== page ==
Members of the Dirty Wheels Mountain Bike Club at a recent event at the Bom Bom State Forest.
Members of the Dirty Wheels Mountain Bike Club at a recent event at the Bom Bom State Forest.

Mountain bikers prepare for 24-hour race

A CONTINGENT of 20 riders representing the Northern Rivers Dirty Wheels (NRDW) Mountain Bike Club will descend on Grandchester in south east Queensland next weekend for the Merida 24 Hour Cross Country Mountain Bike Event.

The race, held from noon on Saturday, April 9, until noon the following day, attracts more than 1200 people for a weekend of camping, racing and music.

NRDW club president, Dave Hegerty, competed in the solo event last year, covering 300km and climbing 6000m to finish in eighth position out of 60 riders.

This year he is part of a team of six for "a bit of a change".

"The race is as hard as you want to make it," Hegerty said.

"The laps are around an hour in length, so you can stop for a break every hour if you need to ... even have a nap throughout the night if need be.

"But for me personally, getting out of the sleeping bag at 3am for another lap can be harder than just staying awake all night.

"Riders in the 30-50 year old bracket tend to be the most stubborn and perform exceptionally well - they have plenty of experience in managing conditions and fatigue, as well as having the sheer determination to achieve their goal of completing the event."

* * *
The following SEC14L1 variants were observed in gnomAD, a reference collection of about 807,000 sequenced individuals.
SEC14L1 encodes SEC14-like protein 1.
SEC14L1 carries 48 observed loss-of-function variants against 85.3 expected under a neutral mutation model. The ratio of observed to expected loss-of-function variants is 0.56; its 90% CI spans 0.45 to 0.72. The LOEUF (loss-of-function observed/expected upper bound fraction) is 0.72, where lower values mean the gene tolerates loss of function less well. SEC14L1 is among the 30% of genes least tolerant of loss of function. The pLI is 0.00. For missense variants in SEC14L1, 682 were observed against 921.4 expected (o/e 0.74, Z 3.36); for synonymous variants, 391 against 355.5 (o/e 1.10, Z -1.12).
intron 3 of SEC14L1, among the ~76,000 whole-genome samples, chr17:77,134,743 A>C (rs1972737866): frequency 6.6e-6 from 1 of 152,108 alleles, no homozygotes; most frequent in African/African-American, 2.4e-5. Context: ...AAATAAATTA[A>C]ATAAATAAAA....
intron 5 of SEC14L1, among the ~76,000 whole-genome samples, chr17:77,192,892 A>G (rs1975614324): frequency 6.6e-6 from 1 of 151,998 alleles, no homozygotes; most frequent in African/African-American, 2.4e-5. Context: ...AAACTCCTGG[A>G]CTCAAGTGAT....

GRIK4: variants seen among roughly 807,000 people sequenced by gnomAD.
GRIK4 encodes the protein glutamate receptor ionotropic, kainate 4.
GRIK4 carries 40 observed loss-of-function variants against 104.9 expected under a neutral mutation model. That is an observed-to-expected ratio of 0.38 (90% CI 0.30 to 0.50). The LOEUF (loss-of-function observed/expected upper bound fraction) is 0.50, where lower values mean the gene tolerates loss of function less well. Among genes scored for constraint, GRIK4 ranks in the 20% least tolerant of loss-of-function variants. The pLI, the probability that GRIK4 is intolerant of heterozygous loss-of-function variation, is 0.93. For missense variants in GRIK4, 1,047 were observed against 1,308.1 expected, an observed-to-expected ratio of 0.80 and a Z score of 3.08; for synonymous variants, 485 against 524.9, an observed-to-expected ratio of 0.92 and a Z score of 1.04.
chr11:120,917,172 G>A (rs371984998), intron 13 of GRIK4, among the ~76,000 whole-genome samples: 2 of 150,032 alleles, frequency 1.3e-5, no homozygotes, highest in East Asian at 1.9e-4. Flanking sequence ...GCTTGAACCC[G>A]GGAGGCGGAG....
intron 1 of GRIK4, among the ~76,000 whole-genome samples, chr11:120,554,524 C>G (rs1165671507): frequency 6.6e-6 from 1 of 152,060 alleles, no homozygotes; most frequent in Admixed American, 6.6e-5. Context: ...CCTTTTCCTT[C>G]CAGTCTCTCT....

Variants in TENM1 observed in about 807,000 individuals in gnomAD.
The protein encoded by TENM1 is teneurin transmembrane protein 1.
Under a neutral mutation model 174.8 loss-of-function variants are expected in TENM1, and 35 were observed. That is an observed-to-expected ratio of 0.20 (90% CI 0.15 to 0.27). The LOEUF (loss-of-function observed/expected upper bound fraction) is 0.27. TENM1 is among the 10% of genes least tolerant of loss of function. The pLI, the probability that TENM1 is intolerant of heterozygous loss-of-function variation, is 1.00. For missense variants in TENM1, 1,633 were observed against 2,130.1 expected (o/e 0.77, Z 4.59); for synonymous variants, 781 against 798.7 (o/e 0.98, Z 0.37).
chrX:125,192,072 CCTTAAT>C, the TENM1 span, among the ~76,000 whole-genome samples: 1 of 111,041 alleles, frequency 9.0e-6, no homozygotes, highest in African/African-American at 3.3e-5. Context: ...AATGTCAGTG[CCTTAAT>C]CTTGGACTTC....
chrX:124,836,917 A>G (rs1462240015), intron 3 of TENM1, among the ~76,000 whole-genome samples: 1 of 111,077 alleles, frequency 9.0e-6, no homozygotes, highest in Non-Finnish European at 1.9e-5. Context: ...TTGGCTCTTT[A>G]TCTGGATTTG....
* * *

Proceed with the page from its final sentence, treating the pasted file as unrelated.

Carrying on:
NRDW has several juniors who have been training hard for their respective events, including 11-year-old Hayley Oakes from Alstonville, who has shown great form for a relative newcomer to the sport and will compete in her first four-hour event.

Hegerty's 9-year-old son, Reuben, will compete in his third race.

"The club itself is going from strength to strength, with membership having grown from around 70 to 107 in recent months," Hegerty said.

NRDW was formed in 2012 to advocate for the creation of legal riding facilities within the area and to provide a social network of like-minded people to participate in group social rides.

"Our dilemma is that at the moment, there aren't any legal public single-track riding facilities within the Ballina or adjoining shires," Hegerty said.

"The closest ones are around an hour and a half's drive away at Nerang, Brisbane or Grafton, making training on purpose built facilities difficult, particularly for junior members.

"Other areas in Australia are reaping the benefits of the tourism dollar, with towns such as Derby in Tasmania reportedly throwing $3 million into a new trail network - it has the sport abuzz with excitement and tourism about to boom in the area.

"Mountain biking on properly designed trails is very sustainable and well suited to forested areas. It is also a sport that all of the family can be involved in."

Anyone interested in assisting the club, becoming a member or participating in the sport should visit the club website at

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